Hamsters are often thought of as an ideal first pet for a child; they can make wonderful pets but beware that they can and may well bite. Hamsters are delicate little creatures, so as with all animals; children should always be supervised by an adult when around them to ensure the children are handling them correctly.
Sometimes children can be disappointed because hamsters are nocturnal, meaning that they may well be asleep most of the day when the child was hoping to play, and are awake all night when the children are ‘hopefully’ asleep!
My stepson had a hamster when he was growing up. He kept it in a cage in the corner of his bedroom. My stepson liked his sleep, so when the Hamster was awake at night, playing on it’s wheel; the squeaking noise kept him awake. He placed the cage complete with hamster and wheel in the bottom of wardrobe where he could no longer hear it. This was good in that it meant he could now get his head down, but not so good because his school shirt was hanging just in reach of the little critter and by the time the morning came, the bottom of Jamie’s shirt was in shreds in the hamsters cage! We removed the cage from his bedroom at night and placed it in the utility room.
My sisters and I had hamsters when we were growing up;, so I have a few tales to tell. Hamsters have to be kept apart (with the exception of certain hamster breeds) as they will fight. The cage I kept my hamster in had a dodgy door fastening and my parents had instructed me to place a heavy object against it to ensure it was safe; which I did, but somehow my hamster managed to escape. I was extremely upset and insisted that I had done as I was told, anyway, my parents must have believed me; as the next day they gave me an identical looking hamster. I put him in his cage and put the heavy item in its place to stop this one escaping, mum asked me if I had done that and I told her I had. An hour or so later the doorbell rang; it was our neighbour asking if we had lost a hamster as they had found one in their shed. Mum gave me a knowing look thinking that I had also let this one escape; but when we went to check he was sitting in his cage cleaning his whiskers! The hamster the neighbours had found was the original one; so now I had two hamsters to take care of! My dad cleverly divided the cage in half so the animals wouldn’t fight.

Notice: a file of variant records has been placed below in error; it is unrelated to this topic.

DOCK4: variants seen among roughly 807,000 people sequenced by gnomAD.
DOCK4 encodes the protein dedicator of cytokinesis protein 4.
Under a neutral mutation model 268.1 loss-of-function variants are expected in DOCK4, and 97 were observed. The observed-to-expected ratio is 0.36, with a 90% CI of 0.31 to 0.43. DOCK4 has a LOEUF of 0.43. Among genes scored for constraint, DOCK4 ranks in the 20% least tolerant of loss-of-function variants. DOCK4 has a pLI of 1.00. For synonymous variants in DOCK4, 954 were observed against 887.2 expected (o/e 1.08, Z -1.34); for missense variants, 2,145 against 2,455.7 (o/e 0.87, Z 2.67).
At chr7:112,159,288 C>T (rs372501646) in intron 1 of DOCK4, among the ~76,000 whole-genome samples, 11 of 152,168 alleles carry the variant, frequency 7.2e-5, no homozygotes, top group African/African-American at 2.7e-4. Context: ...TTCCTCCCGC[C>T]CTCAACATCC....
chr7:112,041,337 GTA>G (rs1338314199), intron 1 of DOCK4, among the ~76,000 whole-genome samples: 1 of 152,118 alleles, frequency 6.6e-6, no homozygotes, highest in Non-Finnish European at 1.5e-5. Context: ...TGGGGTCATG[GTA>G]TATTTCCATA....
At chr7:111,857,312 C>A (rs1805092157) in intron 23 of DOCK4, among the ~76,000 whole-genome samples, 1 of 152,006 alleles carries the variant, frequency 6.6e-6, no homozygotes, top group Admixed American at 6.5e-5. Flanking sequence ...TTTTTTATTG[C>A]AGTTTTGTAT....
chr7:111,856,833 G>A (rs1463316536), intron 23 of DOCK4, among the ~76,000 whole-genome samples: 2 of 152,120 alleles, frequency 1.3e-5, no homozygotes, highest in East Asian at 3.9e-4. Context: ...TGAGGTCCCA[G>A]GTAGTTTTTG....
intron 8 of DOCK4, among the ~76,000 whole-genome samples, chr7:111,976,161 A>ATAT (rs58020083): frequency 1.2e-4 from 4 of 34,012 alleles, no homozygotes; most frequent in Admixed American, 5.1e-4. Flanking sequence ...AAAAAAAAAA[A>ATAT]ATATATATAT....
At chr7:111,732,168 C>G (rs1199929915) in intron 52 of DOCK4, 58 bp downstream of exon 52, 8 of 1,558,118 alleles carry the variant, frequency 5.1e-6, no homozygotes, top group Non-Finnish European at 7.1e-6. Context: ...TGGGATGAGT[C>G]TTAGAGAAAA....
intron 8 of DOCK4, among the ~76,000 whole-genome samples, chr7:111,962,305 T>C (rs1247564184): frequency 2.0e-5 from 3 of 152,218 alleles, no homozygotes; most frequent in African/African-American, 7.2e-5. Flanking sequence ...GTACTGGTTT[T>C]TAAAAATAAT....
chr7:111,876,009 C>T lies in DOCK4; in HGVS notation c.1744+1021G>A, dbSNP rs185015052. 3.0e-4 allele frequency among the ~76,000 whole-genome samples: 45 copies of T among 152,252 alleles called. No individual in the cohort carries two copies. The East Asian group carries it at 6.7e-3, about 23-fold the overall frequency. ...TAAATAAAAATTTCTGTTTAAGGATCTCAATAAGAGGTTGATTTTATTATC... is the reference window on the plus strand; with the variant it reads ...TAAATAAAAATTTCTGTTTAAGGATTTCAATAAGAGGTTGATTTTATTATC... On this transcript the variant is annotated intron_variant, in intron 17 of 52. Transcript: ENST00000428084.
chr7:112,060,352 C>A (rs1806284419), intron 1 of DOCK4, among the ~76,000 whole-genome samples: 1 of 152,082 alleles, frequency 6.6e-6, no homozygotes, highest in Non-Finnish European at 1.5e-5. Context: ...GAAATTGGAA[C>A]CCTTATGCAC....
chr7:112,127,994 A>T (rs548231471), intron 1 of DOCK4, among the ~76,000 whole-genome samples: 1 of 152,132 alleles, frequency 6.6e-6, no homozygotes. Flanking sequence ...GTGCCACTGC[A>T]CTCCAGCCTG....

My sister’s hamster one managed to get out of its cage and we saw him disappear into the wood burner (luckily it was summer time, so it wasn’t alight) He managed to go in one side and scramble all the way to the other side where he emerged; he was white when he went in, and black with soot by the time he came out! Other than being covered in soot, he was none the worse for his adventure.
Hamsters don’t live to a grand old age; 18 months to 2 years is average. When one of ours died, we were all upset. My dad would normally have buried it in the garden; but that day, we had heavy snow and frost on the ground, so.in order not to prolong our agony any longer, he placed it in the bin outside. Christmas came and went and the bin became very full. The refuse collection men were also on strike; so dad had to jump on the bin contents to make more room. A few days later, while dad was asleep upstairs (because he was working nights) mum went to put some rubbish in the bin, when she removed the lid there was my “dead” hamster crawling along the top! She screamed so loudly that not only did she wake my dad, but some neighbours came to see if she was alright too. If a hamster’s temperature gets too low it goes into a sort of hibernation; which to the untrained eye appears to be dead. When it did die for real; we were too afraid to bury it and kept it in a box, in a warm place hoping it would revive. After a week we took it to the vet explaining the situation. He opened the box, held his nose and told us “It’s defiantly dead!”
When my children were growing up we lived in an old house. My youngest son decided to let his hamster have a run around his bedroom, the hamster decided to crawl into a small gap between the floor boards and disappeared. The following day while eating breakfast we were reminded of his existence when we heard him scurrying across the ceiling; the kitchen was directly under his bedroom. My husband cut a hole in the ceiling in order to get the creature out, but when he put his hand into the hole there was no sign of it; this continued for a while and several holes later he retrieved the hamster! Luckily my husband is at DIY, and successfully patched the holes in the ceiling. We gave our boys strict instructions; not to let pets loose in the house again!
Be careful that your children don’t overfeed their hamsters, they tend to store their food in cheek pouches and empty it later. To help keep hamster cages clean I placed an empty jam jar inside the cage and encouraged my hamster to use it as a toilet by placing his droppings in there. We also used to make hamster adventure playgrounds from cardboard boxes.
If you decide to get a hamster for your child; learn from my stories. Hamsters can be great escape artists; but also can make a fantastic pets if treated well.
As always, any questions or comments are most welcome.